On November 4th, a young woman from Mexico named Renata Sandoval posted a disturbing story on Facebook.

She wrote about being drugged by a classmate from the Universidad Autónoma de Guadalajara (UAG) in a local bar. The story has gone viral and has helped other victims of sexual violence and assault to talk about their experiences. Here’s a translation of what Renata wrote:

“After a long time, I’ve finally decided to talk about a terrible experience I had. I’ve decided to speak to avoid things like this happening in the future, so we can be wary, and to remind us that nobody is exempt from experiences like this.

It was a Friday and me and some classmates decided to go to a bar and have some drinks. Just a regular casual night with my school friends.

The night started. Everything seemed normal. One of the girls (Mónica Coral Zamudio Astorga) wanted to take some pictures in the restroom mirror and asked us to go with her. No problem, we do this all the time. Aarón Fabián (potential rapist) and another male friend waited for us at our table. Aarón was one of the most benevolent guys I’d ever met. He wouldn’t hurt a fly. He was the best student of our medicine class. I never felt anything but trust towards him.

The thing is that Aarón had previously talked with Mónica and plotted to distract me so he could pour a drug in my drink. Meanwhile, in the restroom, we took some pictures, chatted for a while and went back.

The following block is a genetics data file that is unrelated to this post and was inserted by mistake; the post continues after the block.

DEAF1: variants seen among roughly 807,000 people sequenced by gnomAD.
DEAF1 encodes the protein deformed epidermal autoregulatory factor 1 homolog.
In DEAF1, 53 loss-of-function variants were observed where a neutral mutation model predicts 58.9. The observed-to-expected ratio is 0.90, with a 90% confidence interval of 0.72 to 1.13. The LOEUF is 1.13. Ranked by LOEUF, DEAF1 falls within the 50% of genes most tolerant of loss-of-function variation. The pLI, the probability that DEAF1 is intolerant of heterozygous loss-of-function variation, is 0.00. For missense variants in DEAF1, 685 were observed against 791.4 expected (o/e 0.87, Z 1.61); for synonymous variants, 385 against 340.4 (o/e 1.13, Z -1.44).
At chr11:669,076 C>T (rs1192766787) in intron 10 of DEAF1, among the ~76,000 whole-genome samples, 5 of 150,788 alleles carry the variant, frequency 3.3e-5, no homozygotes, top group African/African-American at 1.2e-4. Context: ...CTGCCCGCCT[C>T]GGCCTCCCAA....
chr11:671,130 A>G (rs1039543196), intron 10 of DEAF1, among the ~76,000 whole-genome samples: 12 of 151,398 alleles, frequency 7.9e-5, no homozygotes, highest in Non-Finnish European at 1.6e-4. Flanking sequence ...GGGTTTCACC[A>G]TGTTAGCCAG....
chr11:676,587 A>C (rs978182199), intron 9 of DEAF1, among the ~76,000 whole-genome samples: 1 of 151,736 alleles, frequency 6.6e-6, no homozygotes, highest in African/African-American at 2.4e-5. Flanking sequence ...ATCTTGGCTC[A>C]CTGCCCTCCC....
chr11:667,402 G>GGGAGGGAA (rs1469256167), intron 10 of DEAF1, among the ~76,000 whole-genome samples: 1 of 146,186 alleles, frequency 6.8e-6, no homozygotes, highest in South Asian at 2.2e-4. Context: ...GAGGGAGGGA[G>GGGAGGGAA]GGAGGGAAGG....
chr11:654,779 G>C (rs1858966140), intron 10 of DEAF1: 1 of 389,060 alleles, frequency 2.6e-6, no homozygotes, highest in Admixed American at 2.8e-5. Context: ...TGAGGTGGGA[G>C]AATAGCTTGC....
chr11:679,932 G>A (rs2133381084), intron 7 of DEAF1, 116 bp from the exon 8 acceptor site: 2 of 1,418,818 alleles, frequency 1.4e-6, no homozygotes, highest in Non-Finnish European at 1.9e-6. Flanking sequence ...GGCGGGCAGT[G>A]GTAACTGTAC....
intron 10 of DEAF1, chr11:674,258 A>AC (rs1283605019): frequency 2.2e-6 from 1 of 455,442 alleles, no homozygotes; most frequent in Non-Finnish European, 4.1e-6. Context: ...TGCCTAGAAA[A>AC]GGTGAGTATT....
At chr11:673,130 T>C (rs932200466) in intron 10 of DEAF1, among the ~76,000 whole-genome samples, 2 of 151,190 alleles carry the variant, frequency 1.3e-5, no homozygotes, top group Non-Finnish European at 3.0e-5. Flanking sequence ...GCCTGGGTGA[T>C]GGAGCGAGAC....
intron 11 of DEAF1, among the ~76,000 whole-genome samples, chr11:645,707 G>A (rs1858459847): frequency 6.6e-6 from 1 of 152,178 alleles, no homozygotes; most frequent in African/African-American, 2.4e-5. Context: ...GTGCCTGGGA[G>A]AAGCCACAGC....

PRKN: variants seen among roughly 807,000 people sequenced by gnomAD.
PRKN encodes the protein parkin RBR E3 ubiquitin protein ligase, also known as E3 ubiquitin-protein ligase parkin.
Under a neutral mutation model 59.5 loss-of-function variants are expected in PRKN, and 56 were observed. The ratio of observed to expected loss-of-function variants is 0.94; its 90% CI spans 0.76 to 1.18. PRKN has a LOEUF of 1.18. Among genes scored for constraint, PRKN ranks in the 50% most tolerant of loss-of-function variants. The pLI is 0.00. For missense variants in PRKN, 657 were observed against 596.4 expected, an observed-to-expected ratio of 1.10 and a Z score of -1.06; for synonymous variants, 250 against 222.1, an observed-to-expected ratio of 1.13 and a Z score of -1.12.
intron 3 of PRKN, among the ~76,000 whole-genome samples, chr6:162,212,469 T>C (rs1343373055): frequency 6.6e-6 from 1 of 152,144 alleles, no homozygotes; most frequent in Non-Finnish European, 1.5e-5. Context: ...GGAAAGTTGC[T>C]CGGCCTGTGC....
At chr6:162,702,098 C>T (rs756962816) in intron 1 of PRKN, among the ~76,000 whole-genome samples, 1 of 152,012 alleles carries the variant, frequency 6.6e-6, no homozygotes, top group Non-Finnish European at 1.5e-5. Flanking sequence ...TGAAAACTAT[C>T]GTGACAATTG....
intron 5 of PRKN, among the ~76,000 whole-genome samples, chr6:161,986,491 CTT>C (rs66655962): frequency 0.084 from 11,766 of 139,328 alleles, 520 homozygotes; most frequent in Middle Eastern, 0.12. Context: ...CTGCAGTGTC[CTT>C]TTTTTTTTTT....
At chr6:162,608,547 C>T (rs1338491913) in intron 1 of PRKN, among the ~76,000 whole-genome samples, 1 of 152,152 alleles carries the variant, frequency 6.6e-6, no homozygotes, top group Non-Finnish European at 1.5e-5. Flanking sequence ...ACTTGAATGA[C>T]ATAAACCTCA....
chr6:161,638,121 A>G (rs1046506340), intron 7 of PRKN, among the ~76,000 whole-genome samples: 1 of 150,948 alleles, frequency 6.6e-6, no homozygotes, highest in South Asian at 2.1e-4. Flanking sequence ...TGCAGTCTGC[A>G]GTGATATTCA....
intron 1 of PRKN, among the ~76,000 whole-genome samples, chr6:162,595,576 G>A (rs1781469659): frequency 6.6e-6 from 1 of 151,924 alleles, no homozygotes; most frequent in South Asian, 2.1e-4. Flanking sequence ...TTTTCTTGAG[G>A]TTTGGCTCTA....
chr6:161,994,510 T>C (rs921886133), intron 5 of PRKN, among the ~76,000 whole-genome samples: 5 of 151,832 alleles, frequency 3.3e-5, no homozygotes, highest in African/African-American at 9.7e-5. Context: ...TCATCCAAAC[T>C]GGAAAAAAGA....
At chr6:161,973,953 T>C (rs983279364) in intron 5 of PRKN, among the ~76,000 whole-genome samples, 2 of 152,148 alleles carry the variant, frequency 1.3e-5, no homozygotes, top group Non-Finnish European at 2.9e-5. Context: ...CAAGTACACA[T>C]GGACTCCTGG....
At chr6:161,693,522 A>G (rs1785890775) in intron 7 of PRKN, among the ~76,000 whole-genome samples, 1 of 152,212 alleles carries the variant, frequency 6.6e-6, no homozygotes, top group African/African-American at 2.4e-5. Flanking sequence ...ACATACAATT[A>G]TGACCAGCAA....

Mónica insisted on putting a straw in my drink to ‘avoid confusion’. She knew about the drug and didn’t want to accidentally drink from my glass. Aarón started to act very weirdly, urging me to drink and putting my glass in my face.

Within minutes I started to feel extremely hot like never before. My hair felt like fire when it touched my back. I wanted to tear my clothes off. My mind was so numb I could barely tie my hair to ease the heat. I was in despair, so I asked my guardian angel Carolina to call an Uber and escort me home.

As Carolina told the rest of the group we were leaving, Aarón immediately insisted on taking me home but Carolina told him the Uber was on its way. As soon as I stepped out of the bar I was so disoriented. I could barely stand and I wanted to puke.

When the Uber arrived, Aarón stepped into the vehicle insisting he wanted to make sure I would be ok. During the trip, Aarón tried to get close to me and asked Carolina to go to his home instead, as it was closer, but she told him that my parents would be waiting for me. And as we got to my home, he insisted on carry me upstairs to my room, but Carolina dismissed him, took my shoes off and led me to my room.

We thought it was someone working on the bar who had put something my drink, as we never thought one of our classmates would do that to any of us.

Some days later, a friend called me. He said he wanted to tell me something, and that he just found out something very important. He told me about how Aarón and Mónica had plotted to drug me so he could rape me.

I was shocked. It was impossible. Aarón – who I considered my friend – wanted to rape me. I asked my friend to call Aarón and trick him into talking about his plans again so I could hear it. He didn’t sound regretful at all. I also asked my friend to call Mónica and she confessed her part without knowing I was listening.

I was baffled. Disappointed. How on earth could my own friends would do something like that? What would have happened if I was allergic to the drug? What if he overdosed me? What would have happened if Carolina hadn’t been there to help me?

When I finally gathered strength to confront Aarón, he was so casual about it. “It was just a little push, Renata.” He made it clear that he thought there was something between us and the only thing missing was a little spark to light up “our thing”.